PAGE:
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Figure 6. Temperature-dependent tan δ of ESBR DMB, GMA-ESBR DMB, and GMA-ESBR WMB compounds.
Figure 6. Temperature-dependent tan δ of ESBR DMB, GMA-ESBR DMB, and GMA-ESBR WMB compounds.
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Table 1. Formulation for the ESBR and GMA-ESBR polymerization (gram).
Table 1. Formulation for the ESBR and GMA-ESBR polymerization (gram).
IngredientsNameESBRGMA-ESBR
MonomersStyrene112110.8
Butadiene288288
Glycidyl methacrylate-1.2
Chain transfer agenttert-Dodecyl mercaptan0.69
SolventDistilled water640
SurfactantsRosin soap39.5
Fatty soap100.1
CatalystsEDTA0.1
FES1
SFS0.2
Initiatorp-Menthane hydroperoxide0.5
Table 2. Experimental formulation for rubber compounds (phr).
Table 2. Experimental formulation for rubber compounds (phr).
ItemsESBR DMBGMA-ESBR DMBGMA-ESBR WMB
ESBR100--
GMA-ESBR-100-
GMA-ESBR WMB1--188
TESPT 10 wt % modified silica (7000GR)28888-
Zinc oxide3
Stearic acid2
6PPD1
Sulphur1.5
CBS1.5
DPG1.5
1 GMA-ESBR 100 phr, TESPT 10 wt % modified silica 88 phr. 2 TESPT 10 wt % modified silica 88phr; 80 phr silica was modified with 8 phr silane (TESPT).
Table 3. Mixing procedures of SMB and FMB.
Table 3. Mixing procedures of SMB and FMB.
First stage for silica masterbatch (SMB)
Time (min:sec)Action
0:00Add rubber, WMB
0:40Add 1 2 silica, coupling agent
1:40Add 1 2 silica, coupling agent
2:40Add ZnO, St/A, 6PPD
4:40Ram up
12:00Dump
Second stage for final masterbatch (FMB)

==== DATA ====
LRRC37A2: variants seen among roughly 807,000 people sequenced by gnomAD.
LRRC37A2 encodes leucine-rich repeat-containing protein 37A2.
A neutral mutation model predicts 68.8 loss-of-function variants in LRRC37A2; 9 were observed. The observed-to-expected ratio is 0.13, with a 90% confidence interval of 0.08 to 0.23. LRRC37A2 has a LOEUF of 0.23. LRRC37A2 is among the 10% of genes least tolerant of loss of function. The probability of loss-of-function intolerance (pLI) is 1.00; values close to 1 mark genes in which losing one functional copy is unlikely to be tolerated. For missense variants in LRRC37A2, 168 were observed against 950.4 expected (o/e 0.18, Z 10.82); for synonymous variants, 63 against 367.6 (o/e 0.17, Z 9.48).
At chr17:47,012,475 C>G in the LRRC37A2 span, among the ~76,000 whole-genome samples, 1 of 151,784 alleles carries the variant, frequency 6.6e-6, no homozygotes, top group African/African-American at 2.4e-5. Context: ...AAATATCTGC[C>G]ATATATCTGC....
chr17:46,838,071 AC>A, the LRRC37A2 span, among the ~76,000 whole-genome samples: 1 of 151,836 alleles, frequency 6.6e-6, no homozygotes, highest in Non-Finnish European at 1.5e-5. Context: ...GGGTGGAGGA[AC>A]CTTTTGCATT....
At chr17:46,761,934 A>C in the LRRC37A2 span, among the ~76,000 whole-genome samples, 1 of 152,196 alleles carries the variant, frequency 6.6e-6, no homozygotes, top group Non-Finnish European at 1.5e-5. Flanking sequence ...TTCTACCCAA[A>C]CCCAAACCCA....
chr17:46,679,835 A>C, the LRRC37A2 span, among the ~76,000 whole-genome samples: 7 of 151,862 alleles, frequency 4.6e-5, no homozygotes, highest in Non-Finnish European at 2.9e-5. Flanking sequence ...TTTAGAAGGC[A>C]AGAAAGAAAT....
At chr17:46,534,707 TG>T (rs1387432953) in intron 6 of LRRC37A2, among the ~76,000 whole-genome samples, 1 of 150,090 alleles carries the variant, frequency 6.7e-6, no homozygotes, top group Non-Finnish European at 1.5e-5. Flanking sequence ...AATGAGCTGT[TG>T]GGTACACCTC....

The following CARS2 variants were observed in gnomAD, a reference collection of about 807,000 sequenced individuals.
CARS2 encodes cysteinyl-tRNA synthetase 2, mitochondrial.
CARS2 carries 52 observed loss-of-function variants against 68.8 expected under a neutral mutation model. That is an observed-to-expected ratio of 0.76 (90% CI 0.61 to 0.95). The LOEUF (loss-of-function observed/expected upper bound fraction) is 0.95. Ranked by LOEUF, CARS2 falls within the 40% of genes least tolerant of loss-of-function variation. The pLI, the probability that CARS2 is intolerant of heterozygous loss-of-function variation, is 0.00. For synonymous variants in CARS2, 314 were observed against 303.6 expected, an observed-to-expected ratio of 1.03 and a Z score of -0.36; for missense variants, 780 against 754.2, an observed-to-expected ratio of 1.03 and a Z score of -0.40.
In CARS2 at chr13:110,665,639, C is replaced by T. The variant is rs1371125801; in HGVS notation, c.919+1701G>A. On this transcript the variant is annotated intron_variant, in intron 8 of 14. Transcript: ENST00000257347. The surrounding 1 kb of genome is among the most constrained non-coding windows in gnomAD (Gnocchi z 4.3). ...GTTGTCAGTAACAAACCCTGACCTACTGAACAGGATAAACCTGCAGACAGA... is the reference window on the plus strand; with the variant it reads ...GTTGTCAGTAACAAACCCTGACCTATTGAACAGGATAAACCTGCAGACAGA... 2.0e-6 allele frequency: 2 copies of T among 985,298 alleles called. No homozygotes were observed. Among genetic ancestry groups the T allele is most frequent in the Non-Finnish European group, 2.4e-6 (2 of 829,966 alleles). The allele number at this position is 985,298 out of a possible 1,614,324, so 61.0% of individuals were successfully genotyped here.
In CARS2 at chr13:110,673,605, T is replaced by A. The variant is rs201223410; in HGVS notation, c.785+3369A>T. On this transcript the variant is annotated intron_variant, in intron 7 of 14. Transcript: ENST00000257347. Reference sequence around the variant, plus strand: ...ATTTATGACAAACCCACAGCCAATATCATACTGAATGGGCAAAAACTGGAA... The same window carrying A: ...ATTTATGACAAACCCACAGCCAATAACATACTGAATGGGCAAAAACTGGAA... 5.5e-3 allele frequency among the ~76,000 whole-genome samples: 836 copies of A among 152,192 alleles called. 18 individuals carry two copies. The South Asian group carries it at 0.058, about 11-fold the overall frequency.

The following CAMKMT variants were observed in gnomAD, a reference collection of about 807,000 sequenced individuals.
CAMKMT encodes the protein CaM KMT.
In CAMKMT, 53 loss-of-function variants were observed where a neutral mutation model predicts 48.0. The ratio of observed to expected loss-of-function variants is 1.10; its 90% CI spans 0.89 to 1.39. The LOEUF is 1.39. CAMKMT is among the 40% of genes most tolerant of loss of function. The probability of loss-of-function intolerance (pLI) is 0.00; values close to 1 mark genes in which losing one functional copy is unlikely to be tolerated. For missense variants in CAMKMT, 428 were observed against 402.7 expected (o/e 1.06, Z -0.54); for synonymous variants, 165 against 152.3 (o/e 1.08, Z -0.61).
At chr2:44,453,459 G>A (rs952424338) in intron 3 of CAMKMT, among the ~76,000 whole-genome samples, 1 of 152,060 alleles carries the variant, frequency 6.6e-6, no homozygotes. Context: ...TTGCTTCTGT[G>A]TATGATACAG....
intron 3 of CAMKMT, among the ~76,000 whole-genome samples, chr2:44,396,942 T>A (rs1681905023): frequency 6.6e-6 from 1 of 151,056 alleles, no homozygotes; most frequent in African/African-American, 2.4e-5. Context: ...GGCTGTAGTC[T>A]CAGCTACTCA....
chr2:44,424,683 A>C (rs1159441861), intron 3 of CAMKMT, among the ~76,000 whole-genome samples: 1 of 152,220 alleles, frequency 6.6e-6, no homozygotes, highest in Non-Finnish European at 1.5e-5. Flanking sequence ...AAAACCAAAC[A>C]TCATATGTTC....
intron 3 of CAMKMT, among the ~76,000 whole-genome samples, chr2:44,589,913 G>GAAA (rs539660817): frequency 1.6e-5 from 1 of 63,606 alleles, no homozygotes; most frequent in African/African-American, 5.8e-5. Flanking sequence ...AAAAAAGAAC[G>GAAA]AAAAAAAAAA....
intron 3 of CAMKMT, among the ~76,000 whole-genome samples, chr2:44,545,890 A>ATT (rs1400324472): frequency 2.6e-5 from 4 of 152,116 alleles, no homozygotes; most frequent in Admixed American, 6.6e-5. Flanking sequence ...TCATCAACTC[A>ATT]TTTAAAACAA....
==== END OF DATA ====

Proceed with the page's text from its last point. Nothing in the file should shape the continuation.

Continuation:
0:00Add SMB
0:20Add curatives
2:00Dump
Table 4. Characteristics of ESBR and GMA-ESBR.
Table 4. Characteristics of ESBR and GMA-ESBR.
Sample NameMolecular Weight (MW)Poly Dispersity Index (PDI)Styrene (wt %)Vinyl Content (% in Butadiene)GMA Content (wt %)Gel Content (wt %)Mooney Viscosity (ML1+4 100 °C)
ESBR672,0003.226200093
GMA-ESBR720,0004.525.5202.50124
Table 5. Gel contents after thermal treatment (5 min, at 100 °C).
Table 5. Gel contents after thermal treatment (5 min, at 100 °C).
Gel ContentsESBRGMA-ESBR
Raw polymer0%0%
Raw polymer after heating (100 °C)0%54%
Table 6. The Payne effect (ΔG′) of the ESBR DMB, GMA-ESBR DMB, and GMA-ESBR WMB compounds.
Table 6. The Payne effect (ΔG′) of the ESBR DMB, GMA-ESBR DMB, and GMA-ESBR WMB compounds.
Sample CodeESBR DMBGMA-ESBR DMBGMA-ESBR WMB
ΔG′11971173861
Table 7. Cure characteristics and crosslink densities of ESBR and GMA-ESBR compounds.
Table 7. Cure characteristics and crosslink densities of ESBR and GMA-ESBR compounds.
Sample CodeUnitESBR DMBGMA-ESBR DMBGMA-ESBR WMB
t10min:sec2:142:162:00
t90min:sec8:4810:1012:04
TminN-m0.370.390.38
TmaxN-m1.461.441.40
Crosslink density10−4mol/g0.800.940.88
Table 8. Mechanical and abrasion properties of ESBR and GMA-ESBR vulcanizates.
Table 8. Mechanical and abrasion properties of ESBR and GMA-ESBR vulcanizates.
Sample CodeUnitESBR DMBGMA-ESBR DMBGMA-ESBR WMB
M100%MPa2.012.021.84
M300%MPa8.249.229.55
M300%/M100% 4.14.55.2
Elongation%618547.6507
DIN abrasionmg138126111
Table 9. Viscoelastic properties of ESBR DMB, GMA-ESBR DMB, and GMA-ESBR WMB compounds.
Table 9. Viscoelastic properties of ESBR DMB, GMA-ESBR DMB, and GMA-ESBR WMB compounds.
Sample CodeESBR DMBGMA-ESBR DMBGMA-ESBR WMB
Tg−31.3−29.7−30.1
Tan δ at Tg0.83310.84510.8890
Tan δ at 0 °C0.2380.2390.231
Tan δ at 60 °C0.1230.1200.108